By Danielle Roeske, PsyD, Vice President of Residential Services, Newport Healthcare
It starts creeping up on us in early August — a sense of discomfort bordering on dread, a coldness in the pit of your stomach despite the heat. For both parents and kids, back-to-school anxiety is familiar and age-old; it’s built into the experience of growing up. Every summer must end, and anxiety is a natural response to change and the unknown, whether that’s new teachers and classes, a new friend group or the first day of high school.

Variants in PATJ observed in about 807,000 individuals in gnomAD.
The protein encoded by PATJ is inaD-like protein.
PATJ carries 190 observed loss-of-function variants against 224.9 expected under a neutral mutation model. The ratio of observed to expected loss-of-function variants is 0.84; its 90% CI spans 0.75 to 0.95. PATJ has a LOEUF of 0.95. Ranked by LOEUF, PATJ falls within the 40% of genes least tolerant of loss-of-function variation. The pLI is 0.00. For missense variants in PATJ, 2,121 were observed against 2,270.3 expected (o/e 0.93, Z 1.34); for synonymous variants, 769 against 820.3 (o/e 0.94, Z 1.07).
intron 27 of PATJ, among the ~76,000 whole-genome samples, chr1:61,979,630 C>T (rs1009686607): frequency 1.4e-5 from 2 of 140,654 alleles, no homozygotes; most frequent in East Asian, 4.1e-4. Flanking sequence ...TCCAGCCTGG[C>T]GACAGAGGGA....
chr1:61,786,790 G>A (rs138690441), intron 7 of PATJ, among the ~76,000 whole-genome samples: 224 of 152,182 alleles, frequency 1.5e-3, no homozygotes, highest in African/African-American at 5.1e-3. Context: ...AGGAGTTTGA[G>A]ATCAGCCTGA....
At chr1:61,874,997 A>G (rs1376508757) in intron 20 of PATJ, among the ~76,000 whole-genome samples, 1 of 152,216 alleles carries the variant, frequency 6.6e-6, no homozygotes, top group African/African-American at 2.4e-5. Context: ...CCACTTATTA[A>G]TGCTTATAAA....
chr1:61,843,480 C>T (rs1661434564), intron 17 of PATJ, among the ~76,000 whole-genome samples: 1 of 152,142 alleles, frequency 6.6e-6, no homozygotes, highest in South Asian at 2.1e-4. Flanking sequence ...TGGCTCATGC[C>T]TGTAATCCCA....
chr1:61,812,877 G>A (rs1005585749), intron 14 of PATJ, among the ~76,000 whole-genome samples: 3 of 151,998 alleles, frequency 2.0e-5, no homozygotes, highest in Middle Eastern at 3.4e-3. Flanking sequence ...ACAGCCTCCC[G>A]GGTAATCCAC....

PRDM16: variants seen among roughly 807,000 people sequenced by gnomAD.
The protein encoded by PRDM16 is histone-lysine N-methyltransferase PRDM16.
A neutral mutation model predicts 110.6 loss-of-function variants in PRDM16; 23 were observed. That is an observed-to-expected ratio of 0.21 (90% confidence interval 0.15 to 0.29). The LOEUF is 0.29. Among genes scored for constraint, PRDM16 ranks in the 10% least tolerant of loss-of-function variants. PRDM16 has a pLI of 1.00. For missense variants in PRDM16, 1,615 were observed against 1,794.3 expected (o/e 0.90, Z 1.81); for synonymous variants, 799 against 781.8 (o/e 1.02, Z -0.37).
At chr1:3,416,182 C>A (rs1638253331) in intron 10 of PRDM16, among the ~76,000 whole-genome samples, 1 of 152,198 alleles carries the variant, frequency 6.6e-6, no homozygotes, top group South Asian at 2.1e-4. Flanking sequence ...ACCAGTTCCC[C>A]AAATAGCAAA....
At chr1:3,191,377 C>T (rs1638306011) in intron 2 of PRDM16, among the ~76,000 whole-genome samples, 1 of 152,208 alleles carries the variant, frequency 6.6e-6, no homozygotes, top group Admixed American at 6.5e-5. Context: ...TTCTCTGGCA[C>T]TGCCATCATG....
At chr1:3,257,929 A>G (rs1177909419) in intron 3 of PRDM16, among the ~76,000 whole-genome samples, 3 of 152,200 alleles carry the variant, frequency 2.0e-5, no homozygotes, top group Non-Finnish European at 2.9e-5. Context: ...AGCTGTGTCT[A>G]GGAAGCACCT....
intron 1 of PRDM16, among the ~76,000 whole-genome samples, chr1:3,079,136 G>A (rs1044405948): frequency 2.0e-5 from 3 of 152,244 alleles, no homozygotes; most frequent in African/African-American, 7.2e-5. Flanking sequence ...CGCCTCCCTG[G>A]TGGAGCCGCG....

But when we add to that natural response the overwhelming mental health impact of the last two and a half years, it’s a different playing field. Typical back-to-school anxiety has been magnified by a profound layer of trauma, ranging from extreme grief and loss to inconsistency and unreliability in the routines and systems we all trusted for so long. School schedules, workplaces, childcare — the normal rhythms of daily life — were entirely disrupted, creating a deep sense of unease and fear. When we consider how fundamentally the ground beneath us shifted, throwing so much of what we counted on and could control into question, it’s no surprise that global anxiety and depression increased by 25 percent in the first year of the pandemic, according to new research by the World Health Organization.